i’m asali, i’m 12 and i live in south Australia! 

          imskatebored: I’m James : D Also 12 and I live in England 

How was that for a meet-cute? 

Whenever I was stuck in class at school, I wanted to be home on the computer. Whenever I was on the computer, I wanted to talk to Asali on Moshi Monsters.  

It wasn’t an addiction – that’s what I told myself and the adults around me, at least. It was a coping mechanism to cope with loneliness and being misconstrued in the verbal arena. It was the comfort of being seen without overexposure, like a photo taken at the right moment just before a big gust of wind or the sun moves behind a cloud. It was finding ways to express who I was, before I had the technicality of using deeper and clear words to express who I am. 

I learnt a lot about Asali. Maybe even too much. 

Asali was an only child. I was not. 

As she said, she was twelve and lived in South Australia. She even told me her address. 

However, I was not – I was 11. I set my birthday to a different day to ‘get into character’ or something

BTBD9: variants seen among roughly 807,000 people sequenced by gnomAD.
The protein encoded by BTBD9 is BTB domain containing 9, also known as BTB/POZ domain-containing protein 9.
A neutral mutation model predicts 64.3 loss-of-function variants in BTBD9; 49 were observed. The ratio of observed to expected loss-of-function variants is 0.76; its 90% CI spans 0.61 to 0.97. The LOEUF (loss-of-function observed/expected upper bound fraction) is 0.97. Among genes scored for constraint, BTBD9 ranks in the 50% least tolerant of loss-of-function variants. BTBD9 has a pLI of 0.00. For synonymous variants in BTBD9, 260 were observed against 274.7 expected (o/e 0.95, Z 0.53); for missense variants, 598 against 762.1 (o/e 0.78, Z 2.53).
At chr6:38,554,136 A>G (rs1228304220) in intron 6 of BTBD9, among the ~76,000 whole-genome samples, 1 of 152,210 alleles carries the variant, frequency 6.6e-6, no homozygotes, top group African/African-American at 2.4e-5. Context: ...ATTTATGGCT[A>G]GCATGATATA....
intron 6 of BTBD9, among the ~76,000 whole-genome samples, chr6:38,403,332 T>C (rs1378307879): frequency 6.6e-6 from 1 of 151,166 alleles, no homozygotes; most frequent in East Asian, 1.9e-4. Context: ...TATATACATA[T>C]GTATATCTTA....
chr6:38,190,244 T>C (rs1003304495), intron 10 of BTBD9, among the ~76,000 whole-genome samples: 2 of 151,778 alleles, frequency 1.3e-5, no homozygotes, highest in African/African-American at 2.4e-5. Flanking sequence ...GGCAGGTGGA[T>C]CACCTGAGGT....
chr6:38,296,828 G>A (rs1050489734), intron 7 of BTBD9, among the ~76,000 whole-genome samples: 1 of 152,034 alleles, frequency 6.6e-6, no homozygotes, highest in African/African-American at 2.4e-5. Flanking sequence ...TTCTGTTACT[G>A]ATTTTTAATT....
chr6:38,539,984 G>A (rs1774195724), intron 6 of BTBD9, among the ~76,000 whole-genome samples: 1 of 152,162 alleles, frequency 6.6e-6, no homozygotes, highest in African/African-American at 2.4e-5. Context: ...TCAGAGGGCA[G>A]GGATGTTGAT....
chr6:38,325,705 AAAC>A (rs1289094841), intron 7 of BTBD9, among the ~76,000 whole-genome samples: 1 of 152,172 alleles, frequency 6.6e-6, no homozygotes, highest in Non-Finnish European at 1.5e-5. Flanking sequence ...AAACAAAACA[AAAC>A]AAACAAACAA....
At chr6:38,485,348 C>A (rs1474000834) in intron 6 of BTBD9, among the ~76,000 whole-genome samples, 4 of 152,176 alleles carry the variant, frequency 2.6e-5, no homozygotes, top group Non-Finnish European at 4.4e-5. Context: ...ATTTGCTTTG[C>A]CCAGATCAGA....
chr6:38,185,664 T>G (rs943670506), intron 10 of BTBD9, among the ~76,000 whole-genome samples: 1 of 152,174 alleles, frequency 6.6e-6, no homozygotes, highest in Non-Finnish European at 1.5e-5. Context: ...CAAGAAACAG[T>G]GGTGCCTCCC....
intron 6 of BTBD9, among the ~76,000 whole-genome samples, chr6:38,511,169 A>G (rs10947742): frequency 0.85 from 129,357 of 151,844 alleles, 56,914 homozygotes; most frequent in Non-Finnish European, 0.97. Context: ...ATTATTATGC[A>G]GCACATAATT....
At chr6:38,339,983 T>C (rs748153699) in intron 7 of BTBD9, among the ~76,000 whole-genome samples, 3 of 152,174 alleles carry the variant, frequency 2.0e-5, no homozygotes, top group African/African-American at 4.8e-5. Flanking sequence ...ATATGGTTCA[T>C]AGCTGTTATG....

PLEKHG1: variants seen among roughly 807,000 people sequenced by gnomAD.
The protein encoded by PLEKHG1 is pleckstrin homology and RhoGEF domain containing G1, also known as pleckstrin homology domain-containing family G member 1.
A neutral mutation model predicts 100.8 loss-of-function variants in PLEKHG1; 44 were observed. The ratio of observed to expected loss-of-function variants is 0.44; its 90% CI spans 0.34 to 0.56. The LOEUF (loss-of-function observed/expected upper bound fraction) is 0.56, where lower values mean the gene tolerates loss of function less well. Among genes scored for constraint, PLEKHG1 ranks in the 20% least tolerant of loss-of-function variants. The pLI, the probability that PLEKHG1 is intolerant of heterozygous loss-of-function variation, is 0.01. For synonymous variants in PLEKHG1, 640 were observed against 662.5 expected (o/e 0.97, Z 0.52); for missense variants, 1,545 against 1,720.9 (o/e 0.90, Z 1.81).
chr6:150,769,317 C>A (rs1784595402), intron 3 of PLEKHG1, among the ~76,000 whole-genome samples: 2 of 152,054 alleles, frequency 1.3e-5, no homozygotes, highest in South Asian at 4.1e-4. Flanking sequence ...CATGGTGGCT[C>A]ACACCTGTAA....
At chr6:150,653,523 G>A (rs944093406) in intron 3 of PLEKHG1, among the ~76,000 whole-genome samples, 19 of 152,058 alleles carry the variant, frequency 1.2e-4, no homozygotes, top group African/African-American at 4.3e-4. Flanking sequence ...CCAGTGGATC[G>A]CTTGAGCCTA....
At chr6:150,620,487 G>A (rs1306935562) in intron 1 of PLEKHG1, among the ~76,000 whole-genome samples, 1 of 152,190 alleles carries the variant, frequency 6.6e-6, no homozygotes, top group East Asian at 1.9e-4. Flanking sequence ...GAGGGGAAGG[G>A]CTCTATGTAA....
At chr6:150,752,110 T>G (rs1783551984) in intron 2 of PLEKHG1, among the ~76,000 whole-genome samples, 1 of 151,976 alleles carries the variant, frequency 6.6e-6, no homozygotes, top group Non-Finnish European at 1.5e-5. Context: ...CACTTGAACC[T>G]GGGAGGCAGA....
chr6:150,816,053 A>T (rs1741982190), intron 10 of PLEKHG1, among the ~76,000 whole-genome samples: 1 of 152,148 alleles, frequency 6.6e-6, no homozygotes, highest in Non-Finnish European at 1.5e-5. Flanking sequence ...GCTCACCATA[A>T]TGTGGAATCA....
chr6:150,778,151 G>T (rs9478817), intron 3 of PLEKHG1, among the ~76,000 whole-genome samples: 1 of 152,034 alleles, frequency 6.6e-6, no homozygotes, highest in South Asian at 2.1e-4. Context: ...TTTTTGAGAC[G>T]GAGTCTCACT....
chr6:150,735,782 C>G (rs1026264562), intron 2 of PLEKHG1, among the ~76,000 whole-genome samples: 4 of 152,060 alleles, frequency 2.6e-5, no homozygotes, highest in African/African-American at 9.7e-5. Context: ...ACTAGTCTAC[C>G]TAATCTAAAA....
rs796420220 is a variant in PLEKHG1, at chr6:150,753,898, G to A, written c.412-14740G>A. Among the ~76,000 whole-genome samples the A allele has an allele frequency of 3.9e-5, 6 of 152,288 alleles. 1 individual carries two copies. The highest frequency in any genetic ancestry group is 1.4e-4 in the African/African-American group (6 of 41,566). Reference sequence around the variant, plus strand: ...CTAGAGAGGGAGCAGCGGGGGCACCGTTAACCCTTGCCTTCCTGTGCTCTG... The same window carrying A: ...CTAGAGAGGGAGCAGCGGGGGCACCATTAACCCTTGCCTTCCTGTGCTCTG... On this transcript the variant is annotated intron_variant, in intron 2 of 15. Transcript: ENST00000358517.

Asali’s parents owned a restaurant, and they gave her money for school lunches. One time she gave $20 to her friends to stop trying to make her talk to Francesco – a guy in her class she dubbed her ‘arch-enemy’. Eleven years later, I’d like to believe it was secretly an enemies-to-lovers kind of thing. 

Asali said that she wanted to be a doctor, which was the complete opposite to me. I was determined to be the youngest author ever, without knowing that title was already taken by some four-year-old. 

She loved Justin Bieber, and she loved One Direction of which her favourite member was Zayn. She shipped Larry, but Archive of Our Own and any other fan fiction site was probably too old for us, thank God and Allah for that. 

Her username came from where in Pakistan she was born before her family emigrated, and the year she made her Moshi Monsters account.  

Asali was everything I wasn’t. And I was fine with that. Opposites attract. But she wasn’t the only friend I made, and she wasn’t the first ‘victim’ either.  

I spoke to another girl from America often – her name was Anita. I didn’t talk to her as much as I did with Asali, though. There was also a girl from Queensland called Krystal who had a younger brother with his own account that I also sometimes interacted with. I remember coming home from school one afternoon and signing in immediately. I put my backpack in front of the computer’s monitor and sat down in the desk chair. When I saw the message Anita left me, it felt like I had been punched in the stomach: 

          anitarulesxox123: hey james what’s your phone number? Would luv to chat on the phone